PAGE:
Each year, 400000 British Columbians are injured, and another 1200 killed as a result of predictable and preventable injuries. Every hour 47 people in our province suffer a preventable injury as a result of falls, motor vehicle crashes, poisonings, drownings and other activities.
Preventable injuries are the leading cause of death for British Columbians between the ages of 1 and 44, and claim the lives of more children in the province than all other causes combined.
No one wants to be injured. The trouble is, too many of us think that serious injuries only happen to other people. But they can and do happen to us—and to others around us—at home, at play, at work, and on the road.
Now there is a community of companies, organizations, and individuals who have come together to address this problem. The Community Against Preventable Injuries (the Community) is a new organization that has been established to raise awareness, transform societal attitudes, and ultimately change behaviors. Its goal is to significantly reduce the number and severity of preventable injuries in BC.
A registered nonprofit organization, the Community is governed by a board of directors representing organizations including TELUS, BCAA Traffic Safety Foundation, BC Injury Research and Prevention Unit, Insurance Bureau of Canada, London Drugs, WorkSafeBC, Pacific Blue Cross, and the BC Ministry of Labour and Citizens’ Services. The Community’s work is made possible through the financial and in-kind support of a wide variety of organizations that continue to sign on as partners.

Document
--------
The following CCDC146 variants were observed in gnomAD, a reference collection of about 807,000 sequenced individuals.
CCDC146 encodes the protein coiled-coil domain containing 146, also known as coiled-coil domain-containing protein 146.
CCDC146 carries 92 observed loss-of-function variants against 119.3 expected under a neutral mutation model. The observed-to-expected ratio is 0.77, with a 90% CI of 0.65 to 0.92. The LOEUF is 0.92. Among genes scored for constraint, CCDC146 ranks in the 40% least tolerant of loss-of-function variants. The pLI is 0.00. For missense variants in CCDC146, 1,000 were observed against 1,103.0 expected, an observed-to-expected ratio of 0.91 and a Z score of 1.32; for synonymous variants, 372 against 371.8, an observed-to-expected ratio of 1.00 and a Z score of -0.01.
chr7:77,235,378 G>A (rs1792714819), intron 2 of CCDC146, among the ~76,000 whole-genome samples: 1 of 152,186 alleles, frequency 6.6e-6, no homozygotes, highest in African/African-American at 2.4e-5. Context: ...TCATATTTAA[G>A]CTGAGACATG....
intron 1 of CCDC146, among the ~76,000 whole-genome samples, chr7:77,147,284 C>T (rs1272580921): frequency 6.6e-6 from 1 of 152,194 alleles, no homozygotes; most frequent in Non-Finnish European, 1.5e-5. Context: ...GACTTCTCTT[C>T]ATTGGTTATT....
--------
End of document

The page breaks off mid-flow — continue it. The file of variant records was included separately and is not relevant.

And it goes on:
In addition to the alarming human cost, preventable injuries cost British Columbians over $4 billion in direct costs. They are one of the largest burdens on our health care system, consuming funds that could be used elsewhere to address other critical health care issues.
Visit preventable.ca, or e-mail email@example.com.
—Ian Pike, PhD, The Community Against Preventable Injuries
Above is the information needed to cite this article in your paper or presentation. The International Committee
of Medical Journal Editors (ICMJE) recommends the following citation style, which is the now nearly universally
accepted citation style for scientific papers:
Halpern SD, Ubel PA, Caplan AL, Marion DW, Palmer AM, Schiding JK, et al. Solid-organ transplantation in HIV-infected patients. N Engl J Med. 2002;347:284-7.
About the ICMJE and citation styles
The ICMJE is small group of editors of general medical journals who first met informally in Vancouver, British Columbia, in 1978 to establish guidelines for the format of manuscripts submitted to their journals. The group became known as the Vancouver Group. Its requirements for manuscripts, including formats for bibliographic references developed by the U.S. National Library of Medicine (NLM), were first published in 1979. The Vancouver Group expanded and evolved into the International Committee of Medical Journal Editors (ICMJE), which meets annually. The ICMJE created the Recommendations for the Conduct, Reporting, Editing, and Publication of Scholarly Work in Medical Journals to help authors and editors create and distribute accurate, clear, easily accessible reports of biomedical studies.
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